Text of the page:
Customer Experience is one of the hottest topics discussed in business right now. Almost every journal you read or website you visit seems to be full of variants stating “why it should be important to you” and “how your business will be at risk” if you’re not doing something specific.
But doing what? Customer experience management seems to mean different things to all people and there are just as many arguments about what it means as there are ways of improving those customer experiences.
The first question you might want to ask would be why it is such a hot topic. With customers having a wider choice in just about every field, whether B2B or B2C, the experiences those customers have or will have drives your ability to generate revenue, and of course profit. It’s no wonder that marketing and sales professionals are jumping on the trend of “customer experience-“ big time. However, sales and marketing professionals aren’t typically the people that deliver your service experiences, ship your products, train customers, or schedule resources. In short, they are not the people one typically associates with delivering operational excellence. So, what’s amiss?
Well, perhaps it is a technique known as Customer Journey Mapping (CJM). The technique is widely talked about as THE way to capture and model the way that customers interact with your organization. CJM captures the steps that customers take, the interactions (moments of truth) that they have, and further capture the emotions associated with those actions.
It seems much more like a buyer’s journey, and hence why many in sales and marketing are using CJM to capture, monitor and improve that buying journey. The reality is that a buyers journey is just one of the many journeys that customers may go through with your organization. Others might include getting a repair, moving to a new house, leaving the company, renewing a contract, or purchasing additional products or services. From the customers’ point of view, the steps they go through on their journey may be different in each case.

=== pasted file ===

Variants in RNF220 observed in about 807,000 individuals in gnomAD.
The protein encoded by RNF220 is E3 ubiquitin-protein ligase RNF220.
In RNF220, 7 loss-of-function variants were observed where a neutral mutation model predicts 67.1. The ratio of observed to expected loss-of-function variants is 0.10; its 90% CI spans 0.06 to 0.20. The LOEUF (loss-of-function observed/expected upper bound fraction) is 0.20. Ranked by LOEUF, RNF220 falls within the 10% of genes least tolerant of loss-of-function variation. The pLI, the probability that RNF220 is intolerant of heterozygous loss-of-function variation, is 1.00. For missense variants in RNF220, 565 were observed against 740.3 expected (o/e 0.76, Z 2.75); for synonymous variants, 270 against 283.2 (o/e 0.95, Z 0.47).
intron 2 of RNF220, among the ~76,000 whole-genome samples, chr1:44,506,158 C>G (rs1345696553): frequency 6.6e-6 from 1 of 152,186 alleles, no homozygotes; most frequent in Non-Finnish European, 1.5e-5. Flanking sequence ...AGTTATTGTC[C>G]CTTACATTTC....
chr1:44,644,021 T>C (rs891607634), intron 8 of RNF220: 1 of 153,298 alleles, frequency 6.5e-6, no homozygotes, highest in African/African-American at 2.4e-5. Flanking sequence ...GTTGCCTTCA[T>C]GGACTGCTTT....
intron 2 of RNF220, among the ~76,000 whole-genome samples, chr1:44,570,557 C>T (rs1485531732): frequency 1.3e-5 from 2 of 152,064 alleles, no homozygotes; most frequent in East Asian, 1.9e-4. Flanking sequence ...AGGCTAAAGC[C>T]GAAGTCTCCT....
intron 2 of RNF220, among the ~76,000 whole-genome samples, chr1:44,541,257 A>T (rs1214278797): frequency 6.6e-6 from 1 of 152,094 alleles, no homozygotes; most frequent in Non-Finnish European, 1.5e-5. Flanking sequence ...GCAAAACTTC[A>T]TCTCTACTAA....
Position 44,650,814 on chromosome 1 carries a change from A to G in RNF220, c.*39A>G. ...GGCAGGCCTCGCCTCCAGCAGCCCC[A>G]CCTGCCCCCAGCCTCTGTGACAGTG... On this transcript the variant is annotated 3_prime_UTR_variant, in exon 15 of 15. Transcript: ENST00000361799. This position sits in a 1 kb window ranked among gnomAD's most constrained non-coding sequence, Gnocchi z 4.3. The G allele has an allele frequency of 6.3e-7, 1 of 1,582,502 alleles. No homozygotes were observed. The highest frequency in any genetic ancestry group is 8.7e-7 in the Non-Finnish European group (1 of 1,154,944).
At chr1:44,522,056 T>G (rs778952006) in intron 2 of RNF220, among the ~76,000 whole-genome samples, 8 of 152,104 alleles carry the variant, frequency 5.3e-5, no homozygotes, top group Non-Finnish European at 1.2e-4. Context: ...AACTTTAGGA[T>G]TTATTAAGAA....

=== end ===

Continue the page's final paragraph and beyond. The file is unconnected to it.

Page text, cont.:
CJM is a great technique for capturing and questioning journeys, but the map is only as good as the people who create it. It is true that great customer experiences don’t happen by magic. They are engineered to be effective and to deliver consistently great service. Such engineering only happens when you are able to fully connect those customer journeys to the underlying processes that deliver them. However, for the most part, the CJMs are still being created by the same engineers and engineering thinking that you have always used.
This thinking tends to start with examining “what is,” and then building based on what you have. In other words, the initial work is focused on the “now” or “what has been.” However, as Edward de Bono once said “You can analyze the past, but you need to design the future. That is the difference between suffering the future and enjoying it.” This suggests that rather than thinking first about what or why things are as they are, we might be better to focus more of our efforts on designing the future, suggesting that we need “imagineers” not engineers.
Whilst an engineer will look to take something such as a taxi booking system and make it easier to book or pay for a taxi, it takes an Imagineer to come up with the idea of ridesharing like Uber or Lyft. These Imagineers do not start by thinking from your organizations perspective, or map journeys that start and end within your organizational boundary. They start by imagining new journeys that we had never thought possible and then set about building or rebuilding their businesses to deliver them.